Two-thirds of Irish 18-24 year olds report drinking as a coping mechanism
Disturbing news ahead of Christmas.
Drinkaware, the national charity which aims to prevent and reduce alcohol misuse in Ireland, has said that just under two-thirds of 18-24 year olds report using alcohol as a coping mechanism.
The statistics were acquired as part of Drinkaware Index research, a national study into the drinking habits of the nation. The research was conducted by Behaviour & Attitudes via face-to-face interviews with 1,000 adults.
In the study, coping mechanism was an umbrella term which included reasons such as: 'to cheer you up when in a bad mood or feeling stressed'; 'to forget about your problems' or 'because it helps when feeling depressed or anxious'.
Furthermore, 70% of under-25s cite ‘conforming with peers’ as a motivation for consuming alcohol, by far the highest of all age group.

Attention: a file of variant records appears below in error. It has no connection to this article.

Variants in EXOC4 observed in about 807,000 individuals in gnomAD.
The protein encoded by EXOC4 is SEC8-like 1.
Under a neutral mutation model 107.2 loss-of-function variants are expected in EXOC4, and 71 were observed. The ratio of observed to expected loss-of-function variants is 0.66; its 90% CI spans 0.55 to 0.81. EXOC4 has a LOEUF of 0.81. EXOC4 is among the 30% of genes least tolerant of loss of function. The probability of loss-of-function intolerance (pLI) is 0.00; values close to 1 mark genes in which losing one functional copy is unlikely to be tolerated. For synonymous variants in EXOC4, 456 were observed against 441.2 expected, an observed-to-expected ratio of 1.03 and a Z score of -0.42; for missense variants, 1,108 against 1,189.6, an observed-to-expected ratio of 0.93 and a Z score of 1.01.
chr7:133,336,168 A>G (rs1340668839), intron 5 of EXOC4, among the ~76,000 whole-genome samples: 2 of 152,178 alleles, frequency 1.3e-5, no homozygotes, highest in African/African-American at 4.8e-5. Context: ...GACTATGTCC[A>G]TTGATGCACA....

Comparatively, young people are more likely to use alcohol to cope than older cohorts. The rate for people between 25 and 34 was 58%.
Men are more likely to use alcohol as a coping mechanism than women, with 56% of male respondents reporting the behaviour compared to 46% of women.
Speaking about the latest figures, Sheena Horgan, Drinkaware CEO, said: "We encourage people to keep in mind that the festive season is a time of celebration for many people but can also be stressful, which can lead some to turn to alcohol to cope."
"What’s important to remember is that the more alcohol you drink, and particularly above the HSE low-risk weekly guidelines, the greater the impact on your mental health. It’s crucial that we all take proactive steps towards positive mental health and understanding our drinking habits, reducing how much we drink or cutting out alcohol entirely are part of that."